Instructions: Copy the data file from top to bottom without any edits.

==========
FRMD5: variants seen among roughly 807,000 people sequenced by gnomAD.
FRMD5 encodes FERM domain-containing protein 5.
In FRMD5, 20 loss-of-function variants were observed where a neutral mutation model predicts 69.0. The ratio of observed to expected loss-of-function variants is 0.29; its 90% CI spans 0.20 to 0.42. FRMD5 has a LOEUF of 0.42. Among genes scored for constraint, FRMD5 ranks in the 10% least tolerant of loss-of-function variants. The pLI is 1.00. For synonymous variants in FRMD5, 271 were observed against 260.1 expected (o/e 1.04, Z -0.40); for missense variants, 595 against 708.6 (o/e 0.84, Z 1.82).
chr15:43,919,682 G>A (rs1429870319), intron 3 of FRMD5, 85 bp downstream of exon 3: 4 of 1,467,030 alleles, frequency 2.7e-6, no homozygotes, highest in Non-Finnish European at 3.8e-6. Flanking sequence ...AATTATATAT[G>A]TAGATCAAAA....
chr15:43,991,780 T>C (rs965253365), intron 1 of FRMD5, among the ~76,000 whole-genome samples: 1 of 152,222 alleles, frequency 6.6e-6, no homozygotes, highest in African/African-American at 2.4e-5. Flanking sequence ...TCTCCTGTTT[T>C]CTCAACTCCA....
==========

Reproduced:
FRMD5: variants seen among roughly 807,000 people sequenced by gnomAD.
FRMD5 encodes FERM domain-containing protein 5.
In FRMD5, 20 loss-of-function variants were observed where a neutral mutation model predicts 69.0. The ratio of observed to expected loss-of-function variants is 0.29; its 90% CI spans 0.20 to 0.42. FRMD5 has a LOEUF of 0.42. Among genes scored for constraint, FRMD5 ranks in the 10% least tolerant of loss-of-function variants. The pLI is 1.00. For synonymous variants in FRMD5, 271 were observed against 260.1 expected (o/e 1.04, Z -0.40); for missense variants, 595 against 708.6 (o/e 0.84, Z 1.82).
chr15:43,919,682 G>A (rs1429870319), intron 3 of FRMD5, 85 bp downstream of exon 3: 4 of 1,467,030 alleles, frequency 2.7e-6, no homozygotes, highest in Non-Finnish European at 3.8e-6. Flanking sequence ...AATTATATAT[G>A]TAGATCAAAA....
chr15:43,991,780 T>C (rs965253365), intron 1 of FRMD5, among the ~76,000 whole-genome samples: 1 of 152,222 alleles, frequency 6.6e-6, no homozygotes, highest in African/African-American at 2.4e-5. Flanking sequence ...TCTCCTGTTT[T>C]CTCAACTCCA....